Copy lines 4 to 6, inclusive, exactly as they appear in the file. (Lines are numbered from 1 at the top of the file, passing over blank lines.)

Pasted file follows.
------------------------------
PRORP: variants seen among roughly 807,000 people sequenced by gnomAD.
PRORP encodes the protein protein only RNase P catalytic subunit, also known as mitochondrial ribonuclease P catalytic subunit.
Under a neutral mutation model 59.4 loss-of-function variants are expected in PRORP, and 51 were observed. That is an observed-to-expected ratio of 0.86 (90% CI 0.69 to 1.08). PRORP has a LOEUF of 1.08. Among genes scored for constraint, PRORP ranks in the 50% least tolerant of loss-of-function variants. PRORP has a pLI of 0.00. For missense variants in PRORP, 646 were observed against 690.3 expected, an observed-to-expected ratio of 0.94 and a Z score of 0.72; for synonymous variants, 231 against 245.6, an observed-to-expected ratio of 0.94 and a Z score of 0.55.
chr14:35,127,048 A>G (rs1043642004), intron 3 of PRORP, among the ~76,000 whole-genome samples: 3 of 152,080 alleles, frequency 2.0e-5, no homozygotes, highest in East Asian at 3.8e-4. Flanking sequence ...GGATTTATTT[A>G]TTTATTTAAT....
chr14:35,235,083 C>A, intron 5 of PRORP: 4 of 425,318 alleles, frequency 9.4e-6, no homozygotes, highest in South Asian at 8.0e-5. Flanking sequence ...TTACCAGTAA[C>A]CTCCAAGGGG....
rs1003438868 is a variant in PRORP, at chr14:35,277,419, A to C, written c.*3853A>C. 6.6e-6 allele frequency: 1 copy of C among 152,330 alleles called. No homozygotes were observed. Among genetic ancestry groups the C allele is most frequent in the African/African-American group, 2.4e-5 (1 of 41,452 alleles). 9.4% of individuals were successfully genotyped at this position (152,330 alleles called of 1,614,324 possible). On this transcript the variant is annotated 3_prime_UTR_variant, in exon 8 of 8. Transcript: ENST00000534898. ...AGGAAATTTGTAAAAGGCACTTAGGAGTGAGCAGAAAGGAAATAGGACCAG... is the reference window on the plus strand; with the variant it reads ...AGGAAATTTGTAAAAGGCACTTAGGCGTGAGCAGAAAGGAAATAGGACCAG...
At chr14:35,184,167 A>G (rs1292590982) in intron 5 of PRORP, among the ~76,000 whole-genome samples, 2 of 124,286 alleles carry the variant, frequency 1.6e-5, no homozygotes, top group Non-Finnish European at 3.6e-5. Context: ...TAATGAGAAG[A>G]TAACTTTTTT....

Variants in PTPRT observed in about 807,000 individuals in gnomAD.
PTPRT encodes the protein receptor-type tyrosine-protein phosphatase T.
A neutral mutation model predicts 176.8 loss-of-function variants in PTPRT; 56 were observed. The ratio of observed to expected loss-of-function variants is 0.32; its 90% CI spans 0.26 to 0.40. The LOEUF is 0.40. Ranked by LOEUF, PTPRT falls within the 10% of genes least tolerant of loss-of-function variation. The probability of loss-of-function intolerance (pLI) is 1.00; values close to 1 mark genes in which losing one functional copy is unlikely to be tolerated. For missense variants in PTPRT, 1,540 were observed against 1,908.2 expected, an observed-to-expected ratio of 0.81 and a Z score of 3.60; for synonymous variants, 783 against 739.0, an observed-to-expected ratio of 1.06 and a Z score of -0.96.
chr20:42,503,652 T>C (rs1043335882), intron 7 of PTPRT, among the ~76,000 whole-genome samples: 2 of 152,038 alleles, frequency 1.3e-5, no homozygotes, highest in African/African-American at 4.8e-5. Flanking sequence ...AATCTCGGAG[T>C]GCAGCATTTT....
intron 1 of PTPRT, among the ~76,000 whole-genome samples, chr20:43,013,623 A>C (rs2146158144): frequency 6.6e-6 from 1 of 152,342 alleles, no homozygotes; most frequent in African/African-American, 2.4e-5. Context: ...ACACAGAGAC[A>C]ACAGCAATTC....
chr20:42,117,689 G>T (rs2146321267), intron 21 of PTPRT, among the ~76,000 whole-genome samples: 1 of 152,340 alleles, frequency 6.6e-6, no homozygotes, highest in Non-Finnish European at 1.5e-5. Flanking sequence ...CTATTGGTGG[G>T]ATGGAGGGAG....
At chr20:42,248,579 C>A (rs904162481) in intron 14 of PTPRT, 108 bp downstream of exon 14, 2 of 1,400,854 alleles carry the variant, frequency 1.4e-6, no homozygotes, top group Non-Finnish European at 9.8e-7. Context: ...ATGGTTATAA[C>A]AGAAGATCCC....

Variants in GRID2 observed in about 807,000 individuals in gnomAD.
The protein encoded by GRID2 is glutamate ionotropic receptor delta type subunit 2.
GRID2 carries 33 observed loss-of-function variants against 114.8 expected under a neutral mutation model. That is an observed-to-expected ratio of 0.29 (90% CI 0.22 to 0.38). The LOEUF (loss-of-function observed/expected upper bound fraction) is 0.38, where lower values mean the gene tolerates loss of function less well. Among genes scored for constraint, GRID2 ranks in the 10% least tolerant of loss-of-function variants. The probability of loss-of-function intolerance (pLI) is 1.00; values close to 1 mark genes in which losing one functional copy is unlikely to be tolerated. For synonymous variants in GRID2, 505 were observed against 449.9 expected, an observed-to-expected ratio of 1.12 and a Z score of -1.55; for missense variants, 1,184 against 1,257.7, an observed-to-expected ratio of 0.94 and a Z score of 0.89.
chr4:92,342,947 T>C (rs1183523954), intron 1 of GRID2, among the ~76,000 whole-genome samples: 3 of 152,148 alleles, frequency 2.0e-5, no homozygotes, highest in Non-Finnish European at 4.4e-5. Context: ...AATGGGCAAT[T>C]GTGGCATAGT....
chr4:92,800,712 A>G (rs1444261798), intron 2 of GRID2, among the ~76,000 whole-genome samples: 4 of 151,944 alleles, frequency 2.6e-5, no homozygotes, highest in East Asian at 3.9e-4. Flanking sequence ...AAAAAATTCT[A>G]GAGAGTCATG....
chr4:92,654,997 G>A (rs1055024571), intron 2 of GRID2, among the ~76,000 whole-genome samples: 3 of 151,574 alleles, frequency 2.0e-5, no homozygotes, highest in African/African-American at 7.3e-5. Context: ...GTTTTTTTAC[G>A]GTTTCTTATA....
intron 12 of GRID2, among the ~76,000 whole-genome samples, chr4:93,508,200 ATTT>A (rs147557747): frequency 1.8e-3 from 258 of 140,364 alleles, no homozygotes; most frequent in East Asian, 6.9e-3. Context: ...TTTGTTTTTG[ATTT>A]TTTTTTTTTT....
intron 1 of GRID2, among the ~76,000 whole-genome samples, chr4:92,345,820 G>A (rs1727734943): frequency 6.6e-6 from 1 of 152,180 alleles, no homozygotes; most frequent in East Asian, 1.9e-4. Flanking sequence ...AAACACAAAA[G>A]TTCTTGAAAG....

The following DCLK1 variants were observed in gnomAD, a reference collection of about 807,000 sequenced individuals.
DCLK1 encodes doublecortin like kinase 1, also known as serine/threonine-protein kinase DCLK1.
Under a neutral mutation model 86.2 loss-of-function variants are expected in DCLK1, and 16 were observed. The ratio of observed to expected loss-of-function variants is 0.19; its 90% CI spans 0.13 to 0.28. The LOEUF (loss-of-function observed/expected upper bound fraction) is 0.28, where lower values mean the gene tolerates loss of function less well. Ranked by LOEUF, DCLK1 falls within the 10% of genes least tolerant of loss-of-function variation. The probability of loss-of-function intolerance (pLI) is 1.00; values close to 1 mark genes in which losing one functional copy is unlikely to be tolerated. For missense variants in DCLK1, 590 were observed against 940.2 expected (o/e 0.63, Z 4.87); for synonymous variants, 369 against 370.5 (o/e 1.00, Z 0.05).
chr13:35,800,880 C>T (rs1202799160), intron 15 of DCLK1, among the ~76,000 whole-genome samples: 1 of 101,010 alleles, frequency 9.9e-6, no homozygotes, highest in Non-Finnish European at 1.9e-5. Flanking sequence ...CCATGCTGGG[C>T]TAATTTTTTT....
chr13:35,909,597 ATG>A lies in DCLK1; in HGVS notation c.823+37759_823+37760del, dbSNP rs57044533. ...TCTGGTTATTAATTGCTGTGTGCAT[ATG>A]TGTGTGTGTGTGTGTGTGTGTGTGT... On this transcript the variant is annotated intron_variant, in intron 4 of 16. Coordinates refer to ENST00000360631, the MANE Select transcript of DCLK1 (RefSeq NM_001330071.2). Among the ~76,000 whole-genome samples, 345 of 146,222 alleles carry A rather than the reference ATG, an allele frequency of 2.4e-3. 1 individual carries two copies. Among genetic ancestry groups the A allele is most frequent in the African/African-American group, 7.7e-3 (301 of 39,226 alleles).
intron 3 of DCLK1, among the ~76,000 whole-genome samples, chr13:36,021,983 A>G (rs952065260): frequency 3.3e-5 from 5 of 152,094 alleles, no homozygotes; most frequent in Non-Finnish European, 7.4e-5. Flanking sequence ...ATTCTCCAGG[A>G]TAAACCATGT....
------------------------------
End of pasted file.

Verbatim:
chr14:35,127,048 A>G (rs1043642004), intron 3 of PRORP, among the ~76,000 whole-genome samples: 3 of 152,080 alleles, frequency 2.0e-5, no homozygotes, highest in East Asian at 3.8e-4. Flanking sequence ...GGATTTATTT[A>G]TTTATTTAAT....
chr14:35,235,083 C>A, intron 5 of PRORP: 4 of 425,318 alleles, frequency 9.4e-6, no homozygotes, highest in South Asian at 8.0e-5. Flanking sequence ...TTACCAGTAA[C>A]CTCCAAGGGG....
rs1003438868 is a variant in PRORP, at chr14:35,277,419, A to C, written c.*3853A>C. 6.6e-6 allele frequency: 1 copy of C among 152,330 alleles called. No homozygotes were observed. Among genetic ancestry groups the C allele is most frequent in the African/African-American group, 2.4e-5 (1 of 41,452 alleles). 9.4% of individuals were successfully genotyped at this position (152,330 alleles called of 1,614,324 possible). On this transcript the variant is annotated 3_prime_UTR_variant, in exon 8 of 8. Transcript: ENST00000534898. ...AGGAAATTTGTAAAAGGCACTTAGGAGTGAGCAGAAAGGAAATAGGACCAG... is the reference window on the plus strand; with the variant it reads ...AGGAAATTTGTAAAAGGCACTTAGGCGTGAGCAGAAAGGAAATAGGACCAG...